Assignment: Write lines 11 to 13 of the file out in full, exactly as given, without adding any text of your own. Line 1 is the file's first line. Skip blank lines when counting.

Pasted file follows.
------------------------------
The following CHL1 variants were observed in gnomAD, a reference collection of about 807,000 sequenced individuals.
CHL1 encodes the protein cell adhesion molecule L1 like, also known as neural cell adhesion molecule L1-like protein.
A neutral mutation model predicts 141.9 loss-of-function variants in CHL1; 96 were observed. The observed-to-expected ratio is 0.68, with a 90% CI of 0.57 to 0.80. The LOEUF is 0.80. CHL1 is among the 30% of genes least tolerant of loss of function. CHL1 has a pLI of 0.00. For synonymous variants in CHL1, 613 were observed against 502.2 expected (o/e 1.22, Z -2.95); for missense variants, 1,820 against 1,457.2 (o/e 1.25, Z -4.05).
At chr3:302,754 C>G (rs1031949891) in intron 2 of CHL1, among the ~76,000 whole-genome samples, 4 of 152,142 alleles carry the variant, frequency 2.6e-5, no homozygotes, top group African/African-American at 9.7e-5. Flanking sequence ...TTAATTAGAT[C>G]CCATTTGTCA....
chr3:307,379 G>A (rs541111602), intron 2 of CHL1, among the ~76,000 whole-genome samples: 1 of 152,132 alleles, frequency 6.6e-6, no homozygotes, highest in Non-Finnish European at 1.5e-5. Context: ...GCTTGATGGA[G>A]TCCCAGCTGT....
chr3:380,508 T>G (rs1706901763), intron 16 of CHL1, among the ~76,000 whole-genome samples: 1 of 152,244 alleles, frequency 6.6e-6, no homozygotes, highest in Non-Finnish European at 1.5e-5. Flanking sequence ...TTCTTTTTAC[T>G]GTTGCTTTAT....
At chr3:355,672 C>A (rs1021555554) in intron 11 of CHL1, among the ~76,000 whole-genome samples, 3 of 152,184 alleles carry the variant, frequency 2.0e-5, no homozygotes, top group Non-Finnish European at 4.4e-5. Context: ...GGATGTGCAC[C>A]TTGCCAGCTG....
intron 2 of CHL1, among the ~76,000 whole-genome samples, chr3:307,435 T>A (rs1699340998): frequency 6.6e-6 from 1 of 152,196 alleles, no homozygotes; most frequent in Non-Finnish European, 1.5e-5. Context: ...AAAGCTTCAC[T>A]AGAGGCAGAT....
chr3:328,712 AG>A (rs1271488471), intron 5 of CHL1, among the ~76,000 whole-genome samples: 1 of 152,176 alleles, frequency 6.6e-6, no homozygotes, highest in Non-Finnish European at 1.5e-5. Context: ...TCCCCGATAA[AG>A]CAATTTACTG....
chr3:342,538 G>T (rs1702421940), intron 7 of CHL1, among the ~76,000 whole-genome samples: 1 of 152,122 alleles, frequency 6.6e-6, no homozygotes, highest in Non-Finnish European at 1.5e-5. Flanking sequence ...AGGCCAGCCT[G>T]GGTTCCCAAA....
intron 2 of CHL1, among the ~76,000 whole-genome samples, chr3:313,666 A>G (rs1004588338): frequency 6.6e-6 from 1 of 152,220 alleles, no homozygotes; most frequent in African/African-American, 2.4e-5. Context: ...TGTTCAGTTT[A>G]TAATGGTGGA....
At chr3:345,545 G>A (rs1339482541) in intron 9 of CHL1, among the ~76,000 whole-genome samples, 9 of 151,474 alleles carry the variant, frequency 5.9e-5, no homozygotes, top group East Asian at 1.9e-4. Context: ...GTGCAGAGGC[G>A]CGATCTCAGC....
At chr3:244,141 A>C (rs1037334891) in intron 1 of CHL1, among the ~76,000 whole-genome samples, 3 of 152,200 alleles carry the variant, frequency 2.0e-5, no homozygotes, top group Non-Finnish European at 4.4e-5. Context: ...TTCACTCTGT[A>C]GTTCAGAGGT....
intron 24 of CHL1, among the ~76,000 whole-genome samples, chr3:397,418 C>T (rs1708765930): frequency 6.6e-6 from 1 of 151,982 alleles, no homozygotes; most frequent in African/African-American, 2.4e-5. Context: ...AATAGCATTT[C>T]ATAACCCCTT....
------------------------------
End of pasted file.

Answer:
intron 2 of CHL1, among the ~76,000 whole-genome samples, chr3:313,666 A>G (rs1004588338): frequency 6.6e-6 from 1 of 152,220 alleles, no homozygotes; most frequent in African/African-American, 2.4e-5. Context: ...TGTTCAGTTT[A>G]TAATGGTGGA....
At chr3:345,545 G>A (rs1339482541) in intron 9 of CHL1, among the ~76,000 whole-genome samples, 9 of 151,474 alleles carry the variant, frequency 5.9e-5, no homozygotes, top group East Asian at 1.9e-4. Context: ...GTGCAGAGGC[G>A]CGATCTCAGC....
At chr3:244,141 A>C (rs1037334891) in intron 1 of CHL1, among the ~76,000 whole-genome samples, 3 of 152,200 alleles carry the variant, frequency 2.0e-5, no homozygotes, top group Non-Finnish European at 4.4e-5. Context: ...TTCACTCTGT[A>C]GTTCAGAGGT....